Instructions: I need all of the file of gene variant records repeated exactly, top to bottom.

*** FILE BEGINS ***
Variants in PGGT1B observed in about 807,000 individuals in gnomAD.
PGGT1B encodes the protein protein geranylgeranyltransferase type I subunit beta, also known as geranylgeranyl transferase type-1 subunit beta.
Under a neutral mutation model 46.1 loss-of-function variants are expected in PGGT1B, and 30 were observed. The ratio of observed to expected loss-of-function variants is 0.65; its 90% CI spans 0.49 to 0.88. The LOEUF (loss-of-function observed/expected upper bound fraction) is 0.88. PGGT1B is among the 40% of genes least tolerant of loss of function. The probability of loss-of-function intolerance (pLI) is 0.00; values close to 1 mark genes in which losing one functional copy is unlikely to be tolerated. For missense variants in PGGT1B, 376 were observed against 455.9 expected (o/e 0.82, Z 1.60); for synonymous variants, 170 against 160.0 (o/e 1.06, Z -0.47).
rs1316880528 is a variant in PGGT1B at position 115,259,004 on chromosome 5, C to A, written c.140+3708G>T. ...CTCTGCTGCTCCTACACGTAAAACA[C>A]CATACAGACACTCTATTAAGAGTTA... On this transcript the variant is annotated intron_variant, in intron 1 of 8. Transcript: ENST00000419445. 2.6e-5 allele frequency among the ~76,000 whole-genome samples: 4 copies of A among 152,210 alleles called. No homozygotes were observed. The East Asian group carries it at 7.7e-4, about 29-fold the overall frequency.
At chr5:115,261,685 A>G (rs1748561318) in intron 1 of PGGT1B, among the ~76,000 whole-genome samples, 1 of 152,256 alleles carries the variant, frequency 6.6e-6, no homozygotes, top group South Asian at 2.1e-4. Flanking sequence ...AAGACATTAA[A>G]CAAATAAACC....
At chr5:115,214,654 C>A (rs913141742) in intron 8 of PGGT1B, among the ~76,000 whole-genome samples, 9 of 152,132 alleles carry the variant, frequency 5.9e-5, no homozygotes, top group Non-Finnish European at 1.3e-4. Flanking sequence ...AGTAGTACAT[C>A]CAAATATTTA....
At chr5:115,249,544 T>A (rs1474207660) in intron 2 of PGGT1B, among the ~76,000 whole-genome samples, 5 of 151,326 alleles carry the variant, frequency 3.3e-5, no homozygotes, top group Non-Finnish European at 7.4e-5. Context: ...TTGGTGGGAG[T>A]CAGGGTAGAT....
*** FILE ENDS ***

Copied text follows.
Variants in PGGT1B observed in about 807,000 individuals in gnomAD.
PGGT1B encodes the protein protein geranylgeranyltransferase type I subunit beta, also known as geranylgeranyl transferase type-1 subunit beta.
Under a neutral mutation model 46.1 loss-of-function variants are expected in PGGT1B, and 30 were observed. The ratio of observed to expected loss-of-function variants is 0.65; its 90% CI spans 0.49 to 0.88. The LOEUF (loss-of-function observed/expected upper bound fraction) is 0.88. PGGT1B is among the 40% of genes least tolerant of loss of function. The probability of loss-of-function intolerance (pLI) is 0.00; values close to 1 mark genes in which losing one functional copy is unlikely to be tolerated. For missense variants in PGGT1B, 376 were observed against 455.9 expected (o/e 0.82, Z 1.60); for synonymous variants, 170 against 160.0 (o/e 1.06, Z -0.47).
rs1316880528 is a variant in PGGT1B at position 115,259,004 on chromosome 5, C to A, written c.140+3708G>T. ...CTCTGCTGCTCCTACACGTAAAACA[C>A]CATACAGACACTCTATTAAGAGTTA... On this transcript the variant is annotated intron_variant, in intron 1 of 8. Transcript: ENST00000419445. 2.6e-5 allele frequency among the ~76,000 whole-genome samples: 4 copies of A among 152,210 alleles called. No homozygotes were observed. The East Asian group carries it at 7.7e-4, about 29-fold the overall frequency.
At chr5:115,261,685 A>G (rs1748561318) in intron 1 of PGGT1B, among the ~76,000 whole-genome samples, 1 of 152,256 alleles carries the variant, frequency 6.6e-6, no homozygotes, top group South Asian at 2.1e-4. Flanking sequence ...AAGACATTAA[A>G]CAAATAAACC....
At chr5:115,214,654 C>A (rs913141742) in intron 8 of PGGT1B, among the ~76,000 whole-genome samples, 9 of 152,132 alleles carry the variant, frequency 5.9e-5, no homozygotes, top group Non-Finnish European at 1.3e-4. Flanking sequence ...AGTAGTACAT[C>A]CAAATATTTA....
At chr5:115,249,544 T>A (rs1474207660) in intron 2 of PGGT1B, among the ~76,000 whole-genome samples, 5 of 151,326 alleles carry the variant, frequency 3.3e-5, no homozygotes, top group Non-Finnish European at 7.4e-5. Context: ...TTGGTGGGAG[T>A]CAGGGTAGAT....